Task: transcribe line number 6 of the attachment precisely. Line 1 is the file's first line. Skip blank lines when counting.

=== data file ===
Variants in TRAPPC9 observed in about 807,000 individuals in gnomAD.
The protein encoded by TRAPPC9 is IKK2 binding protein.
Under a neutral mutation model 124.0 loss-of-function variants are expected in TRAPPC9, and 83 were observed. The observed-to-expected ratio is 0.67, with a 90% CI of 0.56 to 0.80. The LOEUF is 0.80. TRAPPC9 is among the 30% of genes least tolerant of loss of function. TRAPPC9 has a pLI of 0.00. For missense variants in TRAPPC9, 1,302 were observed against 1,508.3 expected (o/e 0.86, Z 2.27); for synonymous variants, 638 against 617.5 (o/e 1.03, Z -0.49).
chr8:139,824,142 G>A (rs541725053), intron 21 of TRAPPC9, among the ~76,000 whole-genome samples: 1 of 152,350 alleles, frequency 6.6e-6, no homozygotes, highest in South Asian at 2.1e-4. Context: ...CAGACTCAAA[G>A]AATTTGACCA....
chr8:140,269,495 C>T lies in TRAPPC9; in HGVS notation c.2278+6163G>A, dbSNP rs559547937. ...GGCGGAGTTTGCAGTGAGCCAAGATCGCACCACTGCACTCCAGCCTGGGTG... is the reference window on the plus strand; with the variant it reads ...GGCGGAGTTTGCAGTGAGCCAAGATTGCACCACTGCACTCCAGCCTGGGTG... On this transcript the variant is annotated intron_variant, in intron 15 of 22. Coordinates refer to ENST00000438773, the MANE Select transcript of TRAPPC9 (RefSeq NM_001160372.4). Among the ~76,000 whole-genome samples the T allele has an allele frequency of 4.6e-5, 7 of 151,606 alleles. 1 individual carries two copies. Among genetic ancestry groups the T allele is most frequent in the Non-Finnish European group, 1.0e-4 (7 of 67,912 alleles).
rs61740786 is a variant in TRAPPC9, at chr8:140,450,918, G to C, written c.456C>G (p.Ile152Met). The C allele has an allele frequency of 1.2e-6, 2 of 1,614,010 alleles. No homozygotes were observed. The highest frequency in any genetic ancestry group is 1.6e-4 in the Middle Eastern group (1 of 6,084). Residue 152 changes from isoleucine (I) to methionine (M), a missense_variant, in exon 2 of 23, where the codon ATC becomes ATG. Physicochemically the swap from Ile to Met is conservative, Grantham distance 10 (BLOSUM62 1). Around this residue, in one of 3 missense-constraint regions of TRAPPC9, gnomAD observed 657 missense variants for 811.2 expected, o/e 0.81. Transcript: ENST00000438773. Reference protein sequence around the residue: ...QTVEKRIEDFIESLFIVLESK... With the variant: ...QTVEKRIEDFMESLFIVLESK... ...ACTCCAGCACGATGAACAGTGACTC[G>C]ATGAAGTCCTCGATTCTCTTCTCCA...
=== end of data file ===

rs61740786 is a variant in TRAPPC9, at chr8:140,450,918, G to C, written c.456C>G (p.Ile152Met). The C allele has an allele frequency of 1.2e-6, 2 of 1,614,010 alleles. No homozygotes were observed. The highest frequency in any genetic ancestry group is 1.6e-4 in the Middle Eastern group (1 of 6,084). Residue 152 changes from isoleucine (I) to methionine (M), a missense_variant, in exon 2 of 23, where the codon ATC becomes ATG. Physicochemically the swap from Ile to Met is conservative, Grantham distance 10 (BLOSUM62 1). Around this residue, in one of 3 missense-constraint regions of TRAPPC9, gnomAD observed 657 missense variants for 811.2 expected, o/e 0.81. Transcript: ENST00000438773. Reference protein sequence around the residue: ...QTVEKRIEDFIESLFIVLESK... With the variant: ...QTVEKRIEDFMESLFIVLESK... ...ACTCCAGCACGATGAACAGTGACTC[G>C]ATGAAGTCCTCGATTCTCTTCTCCA...